0

In English, I can say both 'year of birth' and 'birth year', so can I feel free to swap related words in French deleting 'de', for example, from 'année de naissance' to 'naissance an'?

  • 1
    AFAIK, you can't, that kind of formulation doesn't exist in French. – Laurent S. Jul 16 '15 at 13:48
  • 1
    as @LaurentS. said, you can't. When a French learns English, he learns the rule saying that in english, you swap adjective and noun, because it doesn't exist in french. – Random Jul 16 '15 at 13:52
  • 1
    @Random, In this case there is no adjective. And actually sometimes, that kind of inversion happens in French too ('une jolie maison' but 'un chat noir'). – vc 74 Jul 16 '15 at 13:56
  • @vc74 The rule is not the same, in English class we swap adjective and noun compared to French. The correct form in French (without exceptions for short adjectives and the "apposition") is noun + adjective while in English it is adjective + noun. – Yohann V. Jul 17 '15 at 7:26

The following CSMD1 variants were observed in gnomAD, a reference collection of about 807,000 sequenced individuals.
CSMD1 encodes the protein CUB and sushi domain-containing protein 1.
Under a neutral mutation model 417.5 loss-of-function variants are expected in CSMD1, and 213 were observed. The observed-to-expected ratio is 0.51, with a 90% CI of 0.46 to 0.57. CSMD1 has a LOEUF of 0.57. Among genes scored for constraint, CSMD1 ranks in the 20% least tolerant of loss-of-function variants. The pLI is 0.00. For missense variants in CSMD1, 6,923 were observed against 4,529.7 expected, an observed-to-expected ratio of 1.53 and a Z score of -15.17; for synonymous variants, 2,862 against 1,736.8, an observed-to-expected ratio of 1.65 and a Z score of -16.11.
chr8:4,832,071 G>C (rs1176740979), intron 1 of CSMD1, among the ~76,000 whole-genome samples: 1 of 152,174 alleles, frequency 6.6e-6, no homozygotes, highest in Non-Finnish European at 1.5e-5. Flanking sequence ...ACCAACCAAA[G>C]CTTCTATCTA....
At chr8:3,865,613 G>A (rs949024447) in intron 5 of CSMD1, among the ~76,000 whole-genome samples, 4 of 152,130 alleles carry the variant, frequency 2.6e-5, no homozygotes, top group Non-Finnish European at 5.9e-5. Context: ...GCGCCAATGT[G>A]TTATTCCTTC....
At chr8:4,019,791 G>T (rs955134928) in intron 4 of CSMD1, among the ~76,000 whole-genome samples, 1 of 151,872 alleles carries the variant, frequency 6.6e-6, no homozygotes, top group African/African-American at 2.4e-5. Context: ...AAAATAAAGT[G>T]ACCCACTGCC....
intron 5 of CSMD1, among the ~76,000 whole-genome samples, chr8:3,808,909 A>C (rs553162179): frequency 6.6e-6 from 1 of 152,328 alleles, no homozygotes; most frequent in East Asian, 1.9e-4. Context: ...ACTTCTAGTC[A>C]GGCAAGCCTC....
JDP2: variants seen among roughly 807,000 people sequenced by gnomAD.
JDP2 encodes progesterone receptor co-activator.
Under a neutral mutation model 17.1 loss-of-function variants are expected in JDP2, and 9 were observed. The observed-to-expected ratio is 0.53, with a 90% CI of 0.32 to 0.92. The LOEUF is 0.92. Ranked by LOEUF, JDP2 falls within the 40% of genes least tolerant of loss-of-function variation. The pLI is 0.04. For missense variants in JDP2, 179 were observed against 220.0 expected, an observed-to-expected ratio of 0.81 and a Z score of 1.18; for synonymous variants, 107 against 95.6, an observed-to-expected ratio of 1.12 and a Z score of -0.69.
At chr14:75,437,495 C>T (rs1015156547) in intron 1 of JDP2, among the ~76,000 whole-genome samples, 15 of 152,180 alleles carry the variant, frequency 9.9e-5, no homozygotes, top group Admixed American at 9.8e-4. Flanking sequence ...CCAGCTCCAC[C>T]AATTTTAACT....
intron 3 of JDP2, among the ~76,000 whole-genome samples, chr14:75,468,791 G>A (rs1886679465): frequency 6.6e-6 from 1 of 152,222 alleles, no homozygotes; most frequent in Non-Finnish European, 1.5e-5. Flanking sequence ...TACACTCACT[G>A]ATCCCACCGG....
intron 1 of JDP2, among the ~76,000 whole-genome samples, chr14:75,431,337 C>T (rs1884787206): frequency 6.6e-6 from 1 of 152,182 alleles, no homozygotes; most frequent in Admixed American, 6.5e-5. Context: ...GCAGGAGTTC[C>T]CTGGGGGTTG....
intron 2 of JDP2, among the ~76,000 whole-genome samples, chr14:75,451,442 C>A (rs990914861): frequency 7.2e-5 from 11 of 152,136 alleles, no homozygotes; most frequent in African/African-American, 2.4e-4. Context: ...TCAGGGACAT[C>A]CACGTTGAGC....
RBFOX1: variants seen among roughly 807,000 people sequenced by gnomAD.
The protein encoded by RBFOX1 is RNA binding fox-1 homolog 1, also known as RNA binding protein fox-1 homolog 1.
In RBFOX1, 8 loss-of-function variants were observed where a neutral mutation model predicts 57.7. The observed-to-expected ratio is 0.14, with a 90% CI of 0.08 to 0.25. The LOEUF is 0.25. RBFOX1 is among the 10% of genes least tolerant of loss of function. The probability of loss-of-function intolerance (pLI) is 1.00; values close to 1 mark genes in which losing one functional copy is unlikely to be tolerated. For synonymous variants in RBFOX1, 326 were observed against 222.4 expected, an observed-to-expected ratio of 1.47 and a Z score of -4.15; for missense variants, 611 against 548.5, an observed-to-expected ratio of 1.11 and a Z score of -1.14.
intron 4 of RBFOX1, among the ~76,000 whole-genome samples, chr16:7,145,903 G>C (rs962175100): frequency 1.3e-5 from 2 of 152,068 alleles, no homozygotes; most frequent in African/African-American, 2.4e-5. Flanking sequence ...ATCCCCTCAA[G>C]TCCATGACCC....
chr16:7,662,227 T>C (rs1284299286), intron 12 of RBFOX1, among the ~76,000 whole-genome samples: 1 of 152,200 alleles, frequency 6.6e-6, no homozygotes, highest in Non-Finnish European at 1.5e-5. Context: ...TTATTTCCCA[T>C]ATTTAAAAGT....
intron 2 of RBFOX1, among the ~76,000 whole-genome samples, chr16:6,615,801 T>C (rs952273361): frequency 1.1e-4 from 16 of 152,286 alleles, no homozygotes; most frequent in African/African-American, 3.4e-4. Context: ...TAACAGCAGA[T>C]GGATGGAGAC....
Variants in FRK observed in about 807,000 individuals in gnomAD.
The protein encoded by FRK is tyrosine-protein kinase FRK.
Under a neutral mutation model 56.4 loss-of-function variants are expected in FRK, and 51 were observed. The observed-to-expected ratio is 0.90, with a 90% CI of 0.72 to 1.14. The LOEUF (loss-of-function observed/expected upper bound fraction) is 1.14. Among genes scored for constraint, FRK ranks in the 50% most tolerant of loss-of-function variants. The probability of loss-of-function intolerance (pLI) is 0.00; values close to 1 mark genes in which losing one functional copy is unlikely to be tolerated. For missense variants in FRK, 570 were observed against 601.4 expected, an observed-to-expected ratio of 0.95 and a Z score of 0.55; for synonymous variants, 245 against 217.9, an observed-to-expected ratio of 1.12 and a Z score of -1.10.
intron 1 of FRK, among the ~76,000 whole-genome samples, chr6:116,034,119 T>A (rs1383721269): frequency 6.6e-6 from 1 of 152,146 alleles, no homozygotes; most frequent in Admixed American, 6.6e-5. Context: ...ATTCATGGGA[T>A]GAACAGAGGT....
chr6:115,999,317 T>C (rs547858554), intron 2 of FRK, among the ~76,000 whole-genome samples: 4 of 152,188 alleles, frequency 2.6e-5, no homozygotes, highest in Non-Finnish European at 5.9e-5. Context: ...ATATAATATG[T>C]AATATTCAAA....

• @YohannV. Yes, that's the base rule but sometimes adjective/noun is used in French too: 'il a une jolie maison' for instance – vc 74 Jul 17 '15 at 7:29
2

You can't do that in French. Année de naissance is the only option.

-1

The first point is that naissance is a noun, so obviously, it cannot be used as an adjective.

Secondly, the idiom to translate birth year is "année de naissance" so it is what you have to use as @vc74 says.

Finally, if you really want to have an adjective related to birth, even if it has not this meaning, it would be "native".
So the closest litteral translation of birth year could be "année native".

  • If you say “année native” in France, you'll get a puzzled look. – Gilles Jul 17 '15 at 21:56
  • @Gilles It is exactly what I said, I am just answering about the "hey I need a birth adjective". I clearly state that the idiom is "Année de naissance" – Yohann V. Jul 18 '15 at 8:19

Your Answer

By clicking “Post Your Answer”, you agree to our terms of service, privacy policy and cookie policy

Not the answer you're looking for? Browse other questions tagged or ask your own question.